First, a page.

How To Perform an Ultrasound-Guided Clavipectoral Block

The clavicle is one of the most commonly fractured bones in the human body. Every  year, approximately 332,000 people in the United States suffer from a clavicular fracture.1,2 In the emergency department (ED), the focus of treatment is pain control and immobilization unless there is a clear indication for surgery, such as open fractures, skin tenting, or neurovascular compromise.1,2 The mainstay of pain control in the ED has been either oral or intravenous non-steroidal anti-inflammatory drugs (NSAIDs) or opioids.2 However, in our experience these agents commonly do not offer optimal pain control in the acute setting, leading to repeat dosing and, often, prolonged ED stays.

The ultrasound-guided clavipectoral plane block (CPB) is a newly described technique in the emergency medicine literature.3 The CPB is a simplified technique that can be easily integrated into clinical care by visualizing the deposition of anesthetic in the fascial plane around the clavicle.3,4 While the CPB was first described in the perioperative setting, it may be even more impactful in the ED setting after an acute injury.4-6

The clavicle is enwrapped by the clavipectoral fascia, which extends inferiorly from the clavicle, deep to the pectoralis major and superficial to the subclavius muscles. The innervation of the clavicle is poorly understood partly due to anatomical variations.7 The CPB circumvents this issue by directly blocking the terminal sensory nerve endings that innervate the clavicle.3

FIGURE 1A: Ultrasound probe should be placed at the clavicle with the probe marker facing cephalad (toward the head).
FIGURE 1B: Ultrasound image with labeled relevant anatomy. (Click to enlarge.)

The clinician should note the fracture site (either via palpable landmark or ultrasound visualization). The initial survey scan should be either just lateral or medial to this site.

The anatomy for the CPB is visualized by placing a linear transducer in a cranial-caudal direction at the midclavicular line with the probe marker towards the patient’s head (Figure 1A). In this position, the pectoralis major and subclavius muscle are located just below the clavicle (Figure 1A). The goal of this simple block is to place anesthetic gently under the fascial plane that defines the border of the pectoralis muscle and the clavicle (Figure 2A, 2B). In our experience, placing anesthetic near the top of the clavicle will separate this potential space and allow for optimal fracture analgesia.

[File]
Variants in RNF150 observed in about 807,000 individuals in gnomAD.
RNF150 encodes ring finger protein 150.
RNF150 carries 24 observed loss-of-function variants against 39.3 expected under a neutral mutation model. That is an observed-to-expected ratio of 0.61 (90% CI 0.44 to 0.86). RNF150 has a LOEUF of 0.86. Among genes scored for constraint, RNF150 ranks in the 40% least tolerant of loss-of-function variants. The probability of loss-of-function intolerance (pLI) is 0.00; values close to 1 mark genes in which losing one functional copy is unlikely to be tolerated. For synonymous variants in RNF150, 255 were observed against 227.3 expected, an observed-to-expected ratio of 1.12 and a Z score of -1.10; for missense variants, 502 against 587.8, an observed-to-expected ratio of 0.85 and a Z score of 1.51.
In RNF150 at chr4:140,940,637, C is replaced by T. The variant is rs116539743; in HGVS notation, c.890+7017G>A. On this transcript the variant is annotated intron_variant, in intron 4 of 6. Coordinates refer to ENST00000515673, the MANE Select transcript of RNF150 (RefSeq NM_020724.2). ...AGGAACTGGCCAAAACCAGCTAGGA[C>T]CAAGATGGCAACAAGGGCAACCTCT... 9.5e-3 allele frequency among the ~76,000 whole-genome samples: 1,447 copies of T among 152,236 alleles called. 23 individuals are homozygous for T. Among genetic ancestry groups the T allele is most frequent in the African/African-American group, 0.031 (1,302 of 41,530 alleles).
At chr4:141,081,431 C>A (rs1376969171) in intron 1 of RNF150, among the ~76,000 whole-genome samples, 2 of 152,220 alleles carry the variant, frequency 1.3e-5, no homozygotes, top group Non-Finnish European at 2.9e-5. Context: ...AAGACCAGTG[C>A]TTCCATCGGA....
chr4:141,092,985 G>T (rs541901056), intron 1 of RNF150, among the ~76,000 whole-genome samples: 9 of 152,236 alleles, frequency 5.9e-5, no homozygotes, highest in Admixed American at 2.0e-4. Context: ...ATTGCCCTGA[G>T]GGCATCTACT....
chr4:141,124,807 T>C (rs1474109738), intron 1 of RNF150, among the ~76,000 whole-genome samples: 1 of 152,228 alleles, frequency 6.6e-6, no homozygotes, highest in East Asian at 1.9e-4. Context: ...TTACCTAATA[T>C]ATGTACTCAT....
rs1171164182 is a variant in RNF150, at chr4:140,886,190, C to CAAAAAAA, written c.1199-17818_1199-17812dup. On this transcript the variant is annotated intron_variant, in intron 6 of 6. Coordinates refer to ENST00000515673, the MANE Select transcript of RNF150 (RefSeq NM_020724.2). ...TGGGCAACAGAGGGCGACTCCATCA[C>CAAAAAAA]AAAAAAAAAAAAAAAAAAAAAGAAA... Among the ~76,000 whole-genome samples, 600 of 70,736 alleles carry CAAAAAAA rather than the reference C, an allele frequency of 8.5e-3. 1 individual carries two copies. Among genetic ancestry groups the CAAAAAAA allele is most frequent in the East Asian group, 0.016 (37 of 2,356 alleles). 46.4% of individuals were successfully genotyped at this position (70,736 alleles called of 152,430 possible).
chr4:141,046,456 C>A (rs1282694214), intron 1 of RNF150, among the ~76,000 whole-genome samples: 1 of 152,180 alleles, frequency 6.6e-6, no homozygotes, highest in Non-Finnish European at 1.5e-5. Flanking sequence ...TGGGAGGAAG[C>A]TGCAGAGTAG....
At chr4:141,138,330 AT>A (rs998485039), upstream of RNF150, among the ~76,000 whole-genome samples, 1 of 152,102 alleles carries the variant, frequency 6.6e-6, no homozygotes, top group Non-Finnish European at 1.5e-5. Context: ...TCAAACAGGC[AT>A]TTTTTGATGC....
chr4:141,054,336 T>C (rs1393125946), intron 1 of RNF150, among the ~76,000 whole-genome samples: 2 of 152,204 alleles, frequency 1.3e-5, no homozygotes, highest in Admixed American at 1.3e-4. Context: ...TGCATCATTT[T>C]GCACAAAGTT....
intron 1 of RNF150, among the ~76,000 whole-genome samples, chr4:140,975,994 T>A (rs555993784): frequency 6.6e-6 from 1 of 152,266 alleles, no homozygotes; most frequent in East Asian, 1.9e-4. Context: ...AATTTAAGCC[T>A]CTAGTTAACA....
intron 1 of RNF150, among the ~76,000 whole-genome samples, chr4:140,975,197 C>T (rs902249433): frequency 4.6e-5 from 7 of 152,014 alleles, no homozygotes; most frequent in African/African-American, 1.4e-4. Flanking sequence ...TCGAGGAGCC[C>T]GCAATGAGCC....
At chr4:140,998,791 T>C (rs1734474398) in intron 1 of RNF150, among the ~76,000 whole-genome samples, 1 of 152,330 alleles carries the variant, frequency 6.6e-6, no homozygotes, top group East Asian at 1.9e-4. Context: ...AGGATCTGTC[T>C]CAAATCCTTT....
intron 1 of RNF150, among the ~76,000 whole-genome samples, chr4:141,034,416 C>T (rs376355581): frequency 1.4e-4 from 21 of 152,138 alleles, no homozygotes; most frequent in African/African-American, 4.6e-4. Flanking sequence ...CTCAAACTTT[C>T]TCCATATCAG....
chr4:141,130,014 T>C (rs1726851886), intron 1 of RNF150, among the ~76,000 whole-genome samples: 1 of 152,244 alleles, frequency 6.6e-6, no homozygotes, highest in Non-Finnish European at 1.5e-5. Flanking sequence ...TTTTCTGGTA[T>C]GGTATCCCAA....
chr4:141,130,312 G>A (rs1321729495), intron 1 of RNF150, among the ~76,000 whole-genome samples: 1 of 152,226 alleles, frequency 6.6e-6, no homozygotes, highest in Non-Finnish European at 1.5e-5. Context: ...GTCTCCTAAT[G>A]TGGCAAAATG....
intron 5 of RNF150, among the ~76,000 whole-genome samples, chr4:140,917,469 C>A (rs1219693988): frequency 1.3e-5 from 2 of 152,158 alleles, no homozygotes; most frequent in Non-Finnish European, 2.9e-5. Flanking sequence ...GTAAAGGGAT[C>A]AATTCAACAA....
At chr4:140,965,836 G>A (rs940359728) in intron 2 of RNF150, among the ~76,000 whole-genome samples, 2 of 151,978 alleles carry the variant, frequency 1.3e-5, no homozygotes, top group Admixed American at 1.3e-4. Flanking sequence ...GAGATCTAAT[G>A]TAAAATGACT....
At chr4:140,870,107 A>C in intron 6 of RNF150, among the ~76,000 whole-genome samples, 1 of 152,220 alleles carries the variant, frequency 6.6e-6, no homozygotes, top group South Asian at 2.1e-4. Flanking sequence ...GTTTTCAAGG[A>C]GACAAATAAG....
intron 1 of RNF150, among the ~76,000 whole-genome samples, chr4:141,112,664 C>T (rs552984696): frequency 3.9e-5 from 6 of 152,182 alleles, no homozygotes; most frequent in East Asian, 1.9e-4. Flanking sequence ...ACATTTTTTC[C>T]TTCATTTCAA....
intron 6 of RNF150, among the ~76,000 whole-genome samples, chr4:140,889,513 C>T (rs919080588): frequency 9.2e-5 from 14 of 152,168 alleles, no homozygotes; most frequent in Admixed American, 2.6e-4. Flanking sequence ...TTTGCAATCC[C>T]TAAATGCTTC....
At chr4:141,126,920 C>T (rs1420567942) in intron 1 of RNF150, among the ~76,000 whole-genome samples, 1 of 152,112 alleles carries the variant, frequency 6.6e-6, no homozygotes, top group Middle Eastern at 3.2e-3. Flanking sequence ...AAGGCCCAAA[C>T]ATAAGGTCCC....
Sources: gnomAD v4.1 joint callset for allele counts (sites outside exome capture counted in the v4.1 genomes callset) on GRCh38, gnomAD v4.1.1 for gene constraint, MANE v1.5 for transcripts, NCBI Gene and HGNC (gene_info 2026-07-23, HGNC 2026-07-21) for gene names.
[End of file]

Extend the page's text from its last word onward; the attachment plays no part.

FIGURE 2A: Ultrasound probe placed in a sagittal plane with the probe marker cephalad, in-plane needle technique.
FIGURE 2B: The goal is to visualize the needle tip until it touches the clavicle (red line). (Click to enlarge.)

Once the relevant anatomy is located, place a small skin wheal (2 to 3 ccs of anesthetic) at the inferior aspect of the transducer. Along with marking the entry point for the block, this will provide analgesic for the block.

The CPB block uses similar equipment as other ultrasound guided nerve blocks:

  • An ultrasound system with a high-frequency 15-6 MHz or 10-5 MHz linear transducer on musculoskeletal or soft-tissue setting
  • A blunt-tipped needle: preferably a 20- or 21-gauge regional-block needle
  • Appropriately sized syringe to draw local anesthetic; we recommend 20 mL
  • 10 mL sterile saline flushes for hydrodissection
  • Transparent adhesive ultrasound probe cover (Tegaderm or similar)
  • Antiseptic (e.g., alcohol, povidone-iodine, chlorhexidine)
  • Sterile ultrasound gel. If available, we recommend using ropivacaine (a concentration of 0.25 percent or less) as it has a longer half-life and a better safety profile than bupivacaine. Weight-based dosing should always be used to prevent local anesthetic systemic toxicity.

FIGURE 3: The ultrasound system screen needs to be in clear line of sight so that the clinician can see both needle and ultrasound
image. (Click to enlarge.)